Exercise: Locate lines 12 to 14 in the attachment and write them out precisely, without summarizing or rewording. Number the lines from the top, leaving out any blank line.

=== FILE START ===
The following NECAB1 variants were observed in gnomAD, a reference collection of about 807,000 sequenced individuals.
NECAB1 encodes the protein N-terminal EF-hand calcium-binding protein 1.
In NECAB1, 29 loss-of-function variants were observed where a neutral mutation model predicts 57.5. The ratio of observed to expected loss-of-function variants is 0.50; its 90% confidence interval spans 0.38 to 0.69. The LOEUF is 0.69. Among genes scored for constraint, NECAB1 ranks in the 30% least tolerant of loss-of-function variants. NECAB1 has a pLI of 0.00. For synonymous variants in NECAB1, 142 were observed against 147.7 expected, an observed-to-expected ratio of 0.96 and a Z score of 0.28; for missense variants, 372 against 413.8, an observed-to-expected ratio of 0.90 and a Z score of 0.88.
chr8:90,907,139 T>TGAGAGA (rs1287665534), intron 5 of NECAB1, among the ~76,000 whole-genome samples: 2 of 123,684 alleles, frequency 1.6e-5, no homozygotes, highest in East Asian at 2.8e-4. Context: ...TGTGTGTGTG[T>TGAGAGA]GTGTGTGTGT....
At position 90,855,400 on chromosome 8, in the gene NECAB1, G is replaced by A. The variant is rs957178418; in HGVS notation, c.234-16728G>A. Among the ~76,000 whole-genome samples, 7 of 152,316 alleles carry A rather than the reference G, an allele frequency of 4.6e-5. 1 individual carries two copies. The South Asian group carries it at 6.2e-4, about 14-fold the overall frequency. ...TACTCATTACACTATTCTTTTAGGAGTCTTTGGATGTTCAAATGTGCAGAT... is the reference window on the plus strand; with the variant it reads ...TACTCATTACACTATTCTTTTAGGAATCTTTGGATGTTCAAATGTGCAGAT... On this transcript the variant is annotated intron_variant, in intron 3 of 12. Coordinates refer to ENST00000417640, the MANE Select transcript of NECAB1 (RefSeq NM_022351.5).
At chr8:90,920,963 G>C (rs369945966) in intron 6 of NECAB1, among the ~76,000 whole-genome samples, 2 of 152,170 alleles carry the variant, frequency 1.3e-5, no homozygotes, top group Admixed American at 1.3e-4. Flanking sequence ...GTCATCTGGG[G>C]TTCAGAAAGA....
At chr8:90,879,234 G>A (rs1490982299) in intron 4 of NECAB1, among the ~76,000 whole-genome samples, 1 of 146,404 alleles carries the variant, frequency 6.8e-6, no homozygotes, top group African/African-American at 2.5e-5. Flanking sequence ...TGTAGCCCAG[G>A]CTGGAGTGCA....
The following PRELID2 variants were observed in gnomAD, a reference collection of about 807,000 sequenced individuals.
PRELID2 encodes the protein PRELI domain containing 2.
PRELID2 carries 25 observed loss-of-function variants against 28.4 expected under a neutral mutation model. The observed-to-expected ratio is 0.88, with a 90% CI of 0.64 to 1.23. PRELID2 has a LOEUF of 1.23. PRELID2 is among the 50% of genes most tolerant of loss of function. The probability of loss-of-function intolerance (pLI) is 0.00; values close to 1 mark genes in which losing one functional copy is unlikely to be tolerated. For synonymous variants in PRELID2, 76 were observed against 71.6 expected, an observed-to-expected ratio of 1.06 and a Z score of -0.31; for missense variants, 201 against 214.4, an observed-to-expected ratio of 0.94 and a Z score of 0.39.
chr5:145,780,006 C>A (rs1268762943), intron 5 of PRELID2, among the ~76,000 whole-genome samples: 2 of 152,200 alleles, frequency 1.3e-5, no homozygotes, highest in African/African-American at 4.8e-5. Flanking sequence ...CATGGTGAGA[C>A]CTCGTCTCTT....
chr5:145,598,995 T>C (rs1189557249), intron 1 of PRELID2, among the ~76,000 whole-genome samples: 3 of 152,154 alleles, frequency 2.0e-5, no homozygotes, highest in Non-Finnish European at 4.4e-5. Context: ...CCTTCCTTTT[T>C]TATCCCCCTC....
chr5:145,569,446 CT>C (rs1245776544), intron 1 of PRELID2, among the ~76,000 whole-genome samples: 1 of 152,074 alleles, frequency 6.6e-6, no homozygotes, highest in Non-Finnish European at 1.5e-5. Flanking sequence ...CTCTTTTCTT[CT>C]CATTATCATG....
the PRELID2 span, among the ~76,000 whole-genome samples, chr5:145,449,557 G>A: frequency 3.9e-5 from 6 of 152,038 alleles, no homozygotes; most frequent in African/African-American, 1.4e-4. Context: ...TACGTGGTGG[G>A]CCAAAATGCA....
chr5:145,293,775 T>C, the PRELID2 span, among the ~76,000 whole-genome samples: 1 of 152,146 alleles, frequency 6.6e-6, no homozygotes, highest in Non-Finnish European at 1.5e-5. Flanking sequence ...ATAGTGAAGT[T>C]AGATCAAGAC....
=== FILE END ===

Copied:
chr5:145,598,995 T>C (rs1189557249), intron 1 of PRELID2, among the ~76,000 whole-genome samples: 3 of 152,154 alleles, frequency 2.0e-5, no homozygotes, highest in Non-Finnish European at 4.4e-5. Context: ...CCTTCCTTTT[T>C]TATCCCCCTC....
chr5:145,569,446 CT>C (rs1245776544), intron 1 of PRELID2, among the ~76,000 whole-genome samples: 1 of 152,074 alleles, frequency 6.6e-6, no homozygotes, highest in Non-Finnish European at 1.5e-5. Flanking sequence ...CTCTTTTCTT[CT>C]CATTATCATG....
the PRELID2 span, among the ~76,000 whole-genome samples, chr5:145,449,557 G>A: frequency 3.9e-5 from 6 of 152,038 alleles, no homozygotes; most frequent in African/African-American, 1.4e-4. Context: ...TACGTGGTGG[G>A]CCAAAATGCA....